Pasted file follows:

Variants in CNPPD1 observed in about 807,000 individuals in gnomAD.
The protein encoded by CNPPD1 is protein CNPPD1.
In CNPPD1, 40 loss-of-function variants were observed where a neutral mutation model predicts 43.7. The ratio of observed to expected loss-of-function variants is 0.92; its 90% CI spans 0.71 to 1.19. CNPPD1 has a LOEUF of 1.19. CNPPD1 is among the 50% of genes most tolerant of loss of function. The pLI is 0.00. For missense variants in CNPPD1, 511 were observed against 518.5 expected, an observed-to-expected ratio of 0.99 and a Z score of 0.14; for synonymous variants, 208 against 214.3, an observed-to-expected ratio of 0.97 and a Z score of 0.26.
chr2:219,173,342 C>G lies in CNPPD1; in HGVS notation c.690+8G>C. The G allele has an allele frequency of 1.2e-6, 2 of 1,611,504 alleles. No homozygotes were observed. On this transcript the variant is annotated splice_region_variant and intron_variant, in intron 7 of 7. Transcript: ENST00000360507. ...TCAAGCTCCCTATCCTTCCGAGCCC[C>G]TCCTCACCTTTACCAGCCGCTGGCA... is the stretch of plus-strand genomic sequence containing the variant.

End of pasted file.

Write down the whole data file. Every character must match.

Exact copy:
Variants in CNPPD1 observed in about 807,000 individuals in gnomAD.
The protein encoded by CNPPD1 is protein CNPPD1.
In CNPPD1, 40 loss-of-function variants were observed where a neutral mutation model predicts 43.7. The ratio of observed to expected loss-of-function variants is 0.92; its 90% CI spans 0.71 to 1.19. CNPPD1 has a LOEUF of 1.19. CNPPD1 is among the 50% of genes most tolerant of loss of function. The pLI is 0.00. For missense variants in CNPPD1, 511 were observed against 518.5 expected, an observed-to-expected ratio of 0.99 and a Z score of 0.14; for synonymous variants, 208 against 214.3, an observed-to-expected ratio of 0.97 and a Z score of 0.26.
chr2:219,173,342 C>G lies in CNPPD1; in HGVS notation c.690+8G>C. The G allele has an allele frequency of 1.2e-6, 2 of 1,611,504 alleles. No homozygotes were observed. On this transcript the variant is annotated splice_region_variant and intron_variant, in intron 7 of 7. Transcript: ENST00000360507. ...TCAAGCTCCCTATCCTTCCGAGCCC[C>G]TCCTCACCTTTACCAGCCGCTGGCA... is the stretch of plus-strand genomic sequence containing the variant.